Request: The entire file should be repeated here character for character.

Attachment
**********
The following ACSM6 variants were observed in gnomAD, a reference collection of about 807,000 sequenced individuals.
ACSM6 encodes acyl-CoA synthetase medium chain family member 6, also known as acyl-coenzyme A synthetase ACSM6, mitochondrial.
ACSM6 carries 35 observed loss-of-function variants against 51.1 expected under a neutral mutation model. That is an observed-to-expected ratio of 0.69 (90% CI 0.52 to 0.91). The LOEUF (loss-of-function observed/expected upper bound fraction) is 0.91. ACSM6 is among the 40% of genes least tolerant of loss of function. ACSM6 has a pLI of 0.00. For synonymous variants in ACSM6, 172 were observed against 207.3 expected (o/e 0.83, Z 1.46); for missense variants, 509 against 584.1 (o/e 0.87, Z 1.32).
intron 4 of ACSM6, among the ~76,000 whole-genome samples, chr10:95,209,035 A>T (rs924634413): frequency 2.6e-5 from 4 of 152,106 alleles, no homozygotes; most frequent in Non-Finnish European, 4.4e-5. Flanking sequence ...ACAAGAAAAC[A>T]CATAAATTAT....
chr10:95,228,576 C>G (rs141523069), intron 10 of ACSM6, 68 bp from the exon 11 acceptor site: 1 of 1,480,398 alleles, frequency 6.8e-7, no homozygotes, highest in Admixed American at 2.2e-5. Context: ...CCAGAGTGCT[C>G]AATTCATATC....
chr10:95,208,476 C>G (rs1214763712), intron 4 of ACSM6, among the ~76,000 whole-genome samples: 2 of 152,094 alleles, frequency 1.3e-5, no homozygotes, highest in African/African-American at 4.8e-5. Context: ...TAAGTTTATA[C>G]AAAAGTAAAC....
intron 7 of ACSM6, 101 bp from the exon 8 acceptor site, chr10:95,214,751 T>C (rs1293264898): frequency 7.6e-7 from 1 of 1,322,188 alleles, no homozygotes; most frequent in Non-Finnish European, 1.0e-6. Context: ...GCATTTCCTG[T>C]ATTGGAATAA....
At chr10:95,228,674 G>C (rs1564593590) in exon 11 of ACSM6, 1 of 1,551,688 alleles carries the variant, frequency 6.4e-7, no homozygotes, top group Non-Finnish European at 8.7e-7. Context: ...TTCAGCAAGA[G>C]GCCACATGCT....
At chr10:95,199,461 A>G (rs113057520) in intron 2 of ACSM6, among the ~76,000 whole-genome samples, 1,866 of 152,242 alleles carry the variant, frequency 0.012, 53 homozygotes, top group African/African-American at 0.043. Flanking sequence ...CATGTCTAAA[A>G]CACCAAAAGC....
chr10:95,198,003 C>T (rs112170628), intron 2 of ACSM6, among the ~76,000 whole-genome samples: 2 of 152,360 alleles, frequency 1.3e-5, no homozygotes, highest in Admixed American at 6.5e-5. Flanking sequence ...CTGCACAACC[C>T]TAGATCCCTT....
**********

The following ACSM6 variants were observed in gnomAD, a reference collection of about 807,000 sequenced individuals.
ACSM6 encodes acyl-CoA synthetase medium chain family member 6, also known as acyl-coenzyme A synthetase ACSM6, mitochondrial.
ACSM6 carries 35 observed loss-of-function variants against 51.1 expected under a neutral mutation model. That is an observed-to-expected ratio of 0.69 (90% CI 0.52 to 0.91). The LOEUF (loss-of-function observed/expected upper bound fraction) is 0.91. ACSM6 is among the 40% of genes least tolerant of loss of function. ACSM6 has a pLI of 0.00. For synonymous variants in ACSM6, 172 were observed against 207.3 expected (o/e 0.83, Z 1.46); for missense variants, 509 against 584.1 (o/e 0.87, Z 1.32).
intron 4 of ACSM6, among the ~76,000 whole-genome samples, chr10:95,209,035 A>T (rs924634413): frequency 2.6e-5 from 4 of 152,106 alleles, no homozygotes; most frequent in Non-Finnish European, 4.4e-5. Flanking sequence ...ACAAGAAAAC[A>T]CATAAATTAT....
chr10:95,228,576 C>G (rs141523069), intron 10 of ACSM6, 68 bp from the exon 11 acceptor site: 1 of 1,480,398 alleles, frequency 6.8e-7, no homozygotes, highest in Admixed American at 2.2e-5. Context: ...CCAGAGTGCT[C>G]AATTCATATC....
chr10:95,208,476 C>G (rs1214763712), intron 4 of ACSM6, among the ~76,000 whole-genome samples: 2 of 152,094 alleles, frequency 1.3e-5, no homozygotes, highest in African/African-American at 4.8e-5. Context: ...TAAGTTTATA[C>G]AAAAGTAAAC....
intron 7 of ACSM6, 101 bp from the exon 8 acceptor site, chr10:95,214,751 T>C (rs1293264898): frequency 7.6e-7 from 1 of 1,322,188 alleles, no homozygotes; most frequent in Non-Finnish European, 1.0e-6. Context: ...GCATTTCCTG[T>C]ATTGGAATAA....
At chr10:95,228,674 G>C (rs1564593590) in exon 11 of ACSM6, 1 of 1,551,688 alleles carries the variant, frequency 6.4e-7, no homozygotes, top group Non-Finnish European at 8.7e-7. Context: ...TTCAGCAAGA[G>C]GCCACATGCT....
At chr10:95,199,461 A>G (rs113057520) in intron 2 of ACSM6, among the ~76,000 whole-genome samples, 1,866 of 152,242 alleles carry the variant, frequency 0.012, 53 homozygotes, top group African/African-American at 0.043. Flanking sequence ...CATGTCTAAA[A>G]CACCAAAAGC....
chr10:95,198,003 C>T (rs112170628), intron 2 of ACSM6, among the ~76,000 whole-genome samples: 2 of 152,360 alleles, frequency 1.3e-5, no homozygotes, highest in Admixed American at 6.5e-5. Flanking sequence ...CTGCACAACC[C>T]TAGATCCCTT....